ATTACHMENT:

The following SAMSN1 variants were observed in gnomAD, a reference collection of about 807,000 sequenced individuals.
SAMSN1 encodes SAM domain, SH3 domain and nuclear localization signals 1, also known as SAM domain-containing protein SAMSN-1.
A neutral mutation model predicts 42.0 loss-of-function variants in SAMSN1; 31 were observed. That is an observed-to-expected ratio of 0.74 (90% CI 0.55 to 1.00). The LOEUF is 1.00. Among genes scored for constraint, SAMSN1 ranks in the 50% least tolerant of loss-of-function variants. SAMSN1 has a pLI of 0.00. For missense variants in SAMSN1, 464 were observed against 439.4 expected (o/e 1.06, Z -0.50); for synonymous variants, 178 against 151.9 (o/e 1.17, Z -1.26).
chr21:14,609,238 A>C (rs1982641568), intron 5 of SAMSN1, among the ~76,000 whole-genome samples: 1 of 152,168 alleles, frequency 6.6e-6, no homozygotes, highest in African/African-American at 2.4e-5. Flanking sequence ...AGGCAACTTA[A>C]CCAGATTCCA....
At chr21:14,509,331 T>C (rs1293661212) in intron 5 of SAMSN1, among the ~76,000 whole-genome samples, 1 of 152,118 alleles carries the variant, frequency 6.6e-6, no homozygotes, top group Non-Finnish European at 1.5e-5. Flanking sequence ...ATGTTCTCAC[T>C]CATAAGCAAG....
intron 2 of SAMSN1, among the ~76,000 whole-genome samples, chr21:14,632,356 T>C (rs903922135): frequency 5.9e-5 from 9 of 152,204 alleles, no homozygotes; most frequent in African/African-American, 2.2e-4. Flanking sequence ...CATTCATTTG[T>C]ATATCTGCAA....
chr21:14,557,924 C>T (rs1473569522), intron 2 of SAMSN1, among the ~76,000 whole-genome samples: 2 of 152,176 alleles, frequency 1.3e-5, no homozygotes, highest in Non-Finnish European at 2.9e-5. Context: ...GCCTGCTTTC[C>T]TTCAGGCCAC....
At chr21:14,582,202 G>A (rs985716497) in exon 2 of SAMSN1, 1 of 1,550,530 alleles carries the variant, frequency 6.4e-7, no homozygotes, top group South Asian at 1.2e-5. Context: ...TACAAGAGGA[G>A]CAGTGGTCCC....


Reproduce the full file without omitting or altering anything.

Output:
The following SAMSN1 variants were observed in gnomAD, a reference collection of about 807,000 sequenced individuals.
SAMSN1 encodes SAM domain, SH3 domain and nuclear localization signals 1, also known as SAM domain-containing protein SAMSN-1.
A neutral mutation model predicts 42.0 loss-of-function variants in SAMSN1; 31 were observed. That is an observed-to-expected ratio of 0.74 (90% CI 0.55 to 1.00). The LOEUF is 1.00. Among genes scored for constraint, SAMSN1 ranks in the 50% least tolerant of loss-of-function variants. SAMSN1 has a pLI of 0.00. For missense variants in SAMSN1, 464 were observed against 439.4 expected (o/e 1.06, Z -0.50); for synonymous variants, 178 against 151.9 (o/e 1.17, Z -1.26).
chr21:14,609,238 A>C (rs1982641568), intron 5 of SAMSN1, among the ~76,000 whole-genome samples: 1 of 152,168 alleles, frequency 6.6e-6, no homozygotes, highest in African/African-American at 2.4e-5. Flanking sequence ...AGGCAACTTA[A>C]CCAGATTCCA....
At chr21:14,509,331 T>C (rs1293661212) in intron 5 of SAMSN1, among the ~76,000 whole-genome samples, 1 of 152,118 alleles carries the variant, frequency 6.6e-6, no homozygotes, top group Non-Finnish European at 1.5e-5. Flanking sequence ...ATGTTCTCAC[T>C]CATAAGCAAG....
intron 2 of SAMSN1, among the ~76,000 whole-genome samples, chr21:14,632,356 T>C (rs903922135): frequency 5.9e-5 from 9 of 152,204 alleles, no homozygotes; most frequent in African/African-American, 2.2e-4. Flanking sequence ...CATTCATTTG[T>C]ATATCTGCAA....
chr21:14,557,924 C>T (rs1473569522), intron 2 of SAMSN1, among the ~76,000 whole-genome samples: 2 of 152,176 alleles, frequency 1.3e-5, no homozygotes, highest in Non-Finnish European at 2.9e-5. Context: ...GCCTGCTTTC[C>T]TTCAGGCCAC....
At chr21:14,582,202 G>A (rs985716497) in exon 2 of SAMSN1, 1 of 1,550,530 alleles carries the variant, frequency 6.4e-7, no homozygotes, top group South Asian at 1.2e-5. Context: ...TACAAGAGGA[G>A]CAGTGGTCCC....